Tuesday, January 16, 2007

NFL fever: can you catch it?

After four games decided by 18 points over the weekend, two major upsets in the AFC and the excellence of Deuce McAllister, if you don't have NFL fever at this point, you're pretty hopeless.

The divisional round of the playoffs historically has been the worst of the playoff rounds since the NFL expanded to the 12-team playoff format. This is because the bye-week recipient has all-too-often waxed the poor stiff that played the week before. In 2002 and 2004, three of the four games were wipeouts. From '90-'01 about 1/2 the games each year were home-team routs of the wild card. This year, the two NFC teams each won by a field goal thanks in no small part to their opponents' blunders; the two AFC homers honked.

The worst whiff of the weekend is a tough call. The Eagles mismanaged the clock; the S'Hawks mismanaged the ball; the Ravens mismanaged the offense and the Chargers flat-out choked. Let's look at all four:

The Colts won because they suddenly have a defensive clue. Peyton Manning has 1 TD, 5 INT in two playoff games and the Colts are in the AFC title match. Baltimore needs more than a caretaker on offense. The 2000 paradigm that Brian Billick is using (no offense, killer defense) only worked by good fortune that season -- the Titans rolled the Ravens up and down the field in their playoff game but committed two key turnovers that reversed the teams' fortunes. Turnovers are more a matter of good happenstance than skill and the Ravens need more from their offense than mere lack of mistakes to beat a top team in the playoffs.

The Saints won because Deuce McAllister is now a good inside runner. Before his injury that quashed 2/3 of the 2005 season, McAllister was a poor man's Tomlinson -- cutback runner, outside speed. Since the injury, McAllister has reincarnated as a pounding interior runner and he beat the Eagles physically on Saturday. A negative note: Reggie Bush puts the ball on the ground too often. I thought it ironic that on Friday I read an article on ESPN Page 2 ripping Andy Reid's clock management (remember the Pats-Eagles Super Bowl and the greenbirds' slow-motion offense in the fourth quarter down by 10?), and then on Saturday Reid PUNTS THE BALL with 1:50 left and his team down by 3. I don't care about down and distance at that point, you go for it. The Saints ran out the clock thereafter.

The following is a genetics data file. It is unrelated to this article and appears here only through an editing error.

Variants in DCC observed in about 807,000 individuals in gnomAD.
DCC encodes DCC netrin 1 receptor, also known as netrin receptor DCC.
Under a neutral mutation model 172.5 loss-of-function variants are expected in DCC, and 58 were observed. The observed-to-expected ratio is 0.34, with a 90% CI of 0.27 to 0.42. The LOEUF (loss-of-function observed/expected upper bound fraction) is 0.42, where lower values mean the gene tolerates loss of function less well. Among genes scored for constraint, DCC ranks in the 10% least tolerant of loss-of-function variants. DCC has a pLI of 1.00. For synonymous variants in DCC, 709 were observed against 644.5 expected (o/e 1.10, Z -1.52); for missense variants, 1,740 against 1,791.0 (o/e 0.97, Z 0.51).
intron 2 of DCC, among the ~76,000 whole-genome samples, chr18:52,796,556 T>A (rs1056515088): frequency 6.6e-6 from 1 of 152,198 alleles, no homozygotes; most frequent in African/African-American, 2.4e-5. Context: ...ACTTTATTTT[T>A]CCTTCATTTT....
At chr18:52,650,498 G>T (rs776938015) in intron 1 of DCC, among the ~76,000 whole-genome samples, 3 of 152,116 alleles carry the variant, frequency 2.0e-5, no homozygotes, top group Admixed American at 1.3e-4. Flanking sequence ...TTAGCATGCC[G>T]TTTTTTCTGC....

The Bears are really shockingly weak. The S'Hawks stink and could have won that game. I think they should be worried that Seattle found so much success over the middle considering that Brian Urlacher thebestlinebackersinceSingletary is supposed to be preventing such success. The Saints exploit the empty pockets of the opponents' defense better than any other team -- just ask the Cowboys.

The Patriots beat a better team. During the entire game, there was no question that the Chargers were faster, equally strong, and had better skill players (other than Brady). The fact that Brady led his team from 14-3 down to a crucial end-of-half TD; the fact that the Chargers failed to pound the Pats' defense; the fact that scrap-heap WRs Reche Caldwell and Jabbar Gaffney had 18 catches for more than 180 yards; and the incredible fumble allowed the Pats to win a game they had no business winning. That fourth-down play -- six minutes left, Pats with fourth and 8 in Charger territory, Brady passes, Chargers intercept, Pats' WR Troy Brown causes a fumble on the return, Pats' WR Reche Caldwell recovers, Pats restart their drive and score the tying TD -- encapsulated the game. The Chargers win if the DB just knocks down the pass. The Chargers win if they don't get too cute on offense. The Chargers win if . . .

One note on the Chargers -- they had no business whining and crying about the Pats' celebration on the field after the game. And calling the Pats classless is simply sore-loserdom at its worst. LT2 and his teammates overreacted.

More fun this Sunday -- and appropriately the AFC title game gets a prime time slot.

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